Between August 2 and 18, fifty-one members of the Claretian community of Barbastro went to their deaths. The nine whose lives were spared were elderly or infirmed, and two Argentinan students, who were released and sent back to their country, after spending three weeks in prison with their peers.
A Farewell Letter to the Congregation:
“Beloved Congregation: The day before yesterday, August 11, six of our brothers died with generosity befitting martyrs. Today, August 13, twenty more received the palm of victory, and tomorrow, the remaining twenty-one of us expect to die. Glory to God! Glory to God! How nobly and heroically your sons have borne themselves, beloved Congregation! We have spent the day encouraging one another to prepare for martyrdom, praying for our enemies and our beloved Congregation.
When the time comes for our jailers to call out the next victims, we all feel a holy serenity and an eagerness to hear our own names among to join the ranks of the chosen. We have longed for this moment with generous impatience, and watched our companions kiss the ropes that bound them and speak words of forgiveness to the armed mob. As the truck heads for the cemetery, our brothers shout, ‘Long live Christ the King!’ The angry mob shouts back, “Away with him…Death! – But nothing intimidates our brothers. They are your sons, beloved Congregation, these young men threatened with pistols and rifles, who on the way to the cemetery continue to shout with calm courage, “Long live Christ the King!”’
“Tomorrow, the rest of us will go, and we are determined to shout, even as shots are fired: “To the Heart of our Mother! To Christ the King! To the Catholic Church! To you, our Congregation and our motherl!” My companions have told me to lead the gritos and they will answer. I will shout at the top of my lungs, and our cries will show you, beloved Congregation, how much we love you and remember you, in spite of our pain in the face of death.’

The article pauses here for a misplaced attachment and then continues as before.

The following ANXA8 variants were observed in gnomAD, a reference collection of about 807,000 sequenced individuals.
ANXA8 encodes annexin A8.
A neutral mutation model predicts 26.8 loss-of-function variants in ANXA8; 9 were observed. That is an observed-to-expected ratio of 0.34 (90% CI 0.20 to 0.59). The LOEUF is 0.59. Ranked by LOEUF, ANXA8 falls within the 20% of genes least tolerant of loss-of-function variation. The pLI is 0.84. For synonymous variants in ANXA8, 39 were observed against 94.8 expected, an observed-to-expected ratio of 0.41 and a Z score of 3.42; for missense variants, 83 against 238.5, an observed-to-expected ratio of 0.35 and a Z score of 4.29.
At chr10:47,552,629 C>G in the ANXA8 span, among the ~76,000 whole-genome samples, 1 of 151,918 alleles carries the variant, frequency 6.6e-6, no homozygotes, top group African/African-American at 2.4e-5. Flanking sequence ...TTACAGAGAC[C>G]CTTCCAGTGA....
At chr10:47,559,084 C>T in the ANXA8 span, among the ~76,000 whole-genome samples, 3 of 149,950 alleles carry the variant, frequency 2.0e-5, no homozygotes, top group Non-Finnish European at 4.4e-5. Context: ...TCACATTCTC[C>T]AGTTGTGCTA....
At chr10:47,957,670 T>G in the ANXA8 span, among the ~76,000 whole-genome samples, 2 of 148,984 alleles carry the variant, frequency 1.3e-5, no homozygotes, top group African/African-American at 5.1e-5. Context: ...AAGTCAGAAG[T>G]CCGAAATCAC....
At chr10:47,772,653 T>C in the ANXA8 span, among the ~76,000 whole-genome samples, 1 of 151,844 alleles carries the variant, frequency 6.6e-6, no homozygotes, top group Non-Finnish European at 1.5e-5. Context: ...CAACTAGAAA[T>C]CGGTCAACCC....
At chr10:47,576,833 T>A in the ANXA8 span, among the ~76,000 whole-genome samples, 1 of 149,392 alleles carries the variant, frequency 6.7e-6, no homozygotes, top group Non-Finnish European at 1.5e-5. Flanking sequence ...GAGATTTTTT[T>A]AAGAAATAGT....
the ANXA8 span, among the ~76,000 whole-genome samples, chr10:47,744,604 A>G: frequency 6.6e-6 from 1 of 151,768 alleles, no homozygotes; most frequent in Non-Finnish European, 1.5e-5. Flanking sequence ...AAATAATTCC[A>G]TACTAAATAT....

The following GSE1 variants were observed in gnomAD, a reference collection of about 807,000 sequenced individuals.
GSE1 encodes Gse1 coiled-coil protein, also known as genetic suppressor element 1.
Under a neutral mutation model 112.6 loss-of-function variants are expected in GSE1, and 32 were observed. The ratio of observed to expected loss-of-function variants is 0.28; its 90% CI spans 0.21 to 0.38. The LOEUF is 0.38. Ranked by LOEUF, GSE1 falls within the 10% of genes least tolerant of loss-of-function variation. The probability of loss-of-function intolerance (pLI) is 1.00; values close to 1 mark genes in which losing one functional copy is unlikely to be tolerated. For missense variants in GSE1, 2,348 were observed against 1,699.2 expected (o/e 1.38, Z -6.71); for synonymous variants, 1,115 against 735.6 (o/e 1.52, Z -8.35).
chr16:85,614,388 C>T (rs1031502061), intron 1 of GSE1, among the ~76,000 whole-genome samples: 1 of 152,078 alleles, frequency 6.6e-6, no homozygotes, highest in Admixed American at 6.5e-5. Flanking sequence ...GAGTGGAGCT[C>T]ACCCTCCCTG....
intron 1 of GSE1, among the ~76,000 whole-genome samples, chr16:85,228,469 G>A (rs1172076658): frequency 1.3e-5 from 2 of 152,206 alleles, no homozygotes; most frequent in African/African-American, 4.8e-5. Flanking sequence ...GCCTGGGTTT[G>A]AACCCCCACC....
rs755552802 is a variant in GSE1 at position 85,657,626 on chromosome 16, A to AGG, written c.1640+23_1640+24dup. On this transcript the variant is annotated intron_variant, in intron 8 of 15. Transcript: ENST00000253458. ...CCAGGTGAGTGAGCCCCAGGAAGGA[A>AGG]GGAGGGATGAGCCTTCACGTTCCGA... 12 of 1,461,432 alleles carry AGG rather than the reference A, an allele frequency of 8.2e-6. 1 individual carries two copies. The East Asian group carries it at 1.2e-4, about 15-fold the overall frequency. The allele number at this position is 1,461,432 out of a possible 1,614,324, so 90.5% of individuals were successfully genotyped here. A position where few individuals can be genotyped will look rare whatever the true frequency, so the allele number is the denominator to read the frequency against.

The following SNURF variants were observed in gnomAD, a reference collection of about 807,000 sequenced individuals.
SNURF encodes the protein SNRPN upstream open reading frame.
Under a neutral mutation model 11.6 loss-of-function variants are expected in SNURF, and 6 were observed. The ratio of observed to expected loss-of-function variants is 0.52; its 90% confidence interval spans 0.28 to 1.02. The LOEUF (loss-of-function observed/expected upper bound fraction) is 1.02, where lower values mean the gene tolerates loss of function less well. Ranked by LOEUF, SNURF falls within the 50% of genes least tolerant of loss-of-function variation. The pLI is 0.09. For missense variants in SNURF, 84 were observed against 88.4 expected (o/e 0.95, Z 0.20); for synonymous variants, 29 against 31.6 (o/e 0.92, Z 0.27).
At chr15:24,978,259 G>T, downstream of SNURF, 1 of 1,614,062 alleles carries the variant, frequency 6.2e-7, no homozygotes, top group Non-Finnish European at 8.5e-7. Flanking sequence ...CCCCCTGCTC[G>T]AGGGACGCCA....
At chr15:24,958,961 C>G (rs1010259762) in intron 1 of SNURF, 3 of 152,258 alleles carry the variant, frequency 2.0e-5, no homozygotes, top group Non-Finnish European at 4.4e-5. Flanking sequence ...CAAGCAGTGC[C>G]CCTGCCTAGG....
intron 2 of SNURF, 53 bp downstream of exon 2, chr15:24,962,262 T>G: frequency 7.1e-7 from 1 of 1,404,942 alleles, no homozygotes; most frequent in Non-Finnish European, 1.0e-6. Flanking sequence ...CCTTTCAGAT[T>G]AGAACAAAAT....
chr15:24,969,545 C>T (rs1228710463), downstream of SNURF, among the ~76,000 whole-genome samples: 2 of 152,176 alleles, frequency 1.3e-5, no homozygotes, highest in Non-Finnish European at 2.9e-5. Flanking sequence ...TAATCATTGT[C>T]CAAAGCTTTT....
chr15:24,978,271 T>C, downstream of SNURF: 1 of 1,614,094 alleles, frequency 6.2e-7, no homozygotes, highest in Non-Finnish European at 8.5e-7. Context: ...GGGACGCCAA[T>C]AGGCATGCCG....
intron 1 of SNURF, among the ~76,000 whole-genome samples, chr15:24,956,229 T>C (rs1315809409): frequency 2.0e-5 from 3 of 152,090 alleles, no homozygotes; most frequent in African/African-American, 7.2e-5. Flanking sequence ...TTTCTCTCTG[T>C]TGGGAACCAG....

We all die happy with no regrets or misgivings. We all die praying to God that our blood not be shed in vengeance, but that it will be transfused and stimulate your growth and expansion throughout the world.
Farewell, beloved Congregation! Your sons, the martyrs of Barbastrogreet youfrom prisonand offer on your behalf our anguishin expiation of our failings and in testimony ofour faithful, generous and everlastinglove.
Tomorrow, on the eve of the Assumption, we will die because we wear the cassock – the anniversary of the very day, on which we first received it.
The Martyrs of Barbastro greet you, as do I, the last and most unworthy, Faustino Pérez, C.M.F.
Long live Christ the King! Long live the Heart of Mary! Long live the Congregation! Goodbye, dear Congregation. We go to heaven praying for you. Adios! Adios!”
The missionaries’ heroism was attested to by all who observed the events preceding their martyrdom. Before their arrest, they had been taught to show preference in their ministries to the poor and the working classes, and a number looked forward to serving in the Claretian missions in China. Indeed, impelled by the same apostolic spirit that had animated their Founder St. Anthony Mary Claret, they regarded their martyrdom as the quintessential fulfillment of their missionary vocation. The Claretian Martyrs of Barbastro were beatified by St. Pope John Paul II on October 25, 1992.
- APARICIO, A., (ed.), Claretian Seminary Martyr, Madrid 1992.
- BOCOS, A., missionary testament of our martyrs, Rome 1992.
- CAMPO, G., Claretian Martyrs of Barbastro, Madrid 1992.
- CODINACHS, P., The Claretian Holocaust of Barbastro. 1930-1936. The facts and their causes, Badalona 1997.
- GARCIA HERNANDEZ, P., Chronicle of martyrdom. 271 Claretian Missionaries Martyrs 1936-39, Madrid 2000.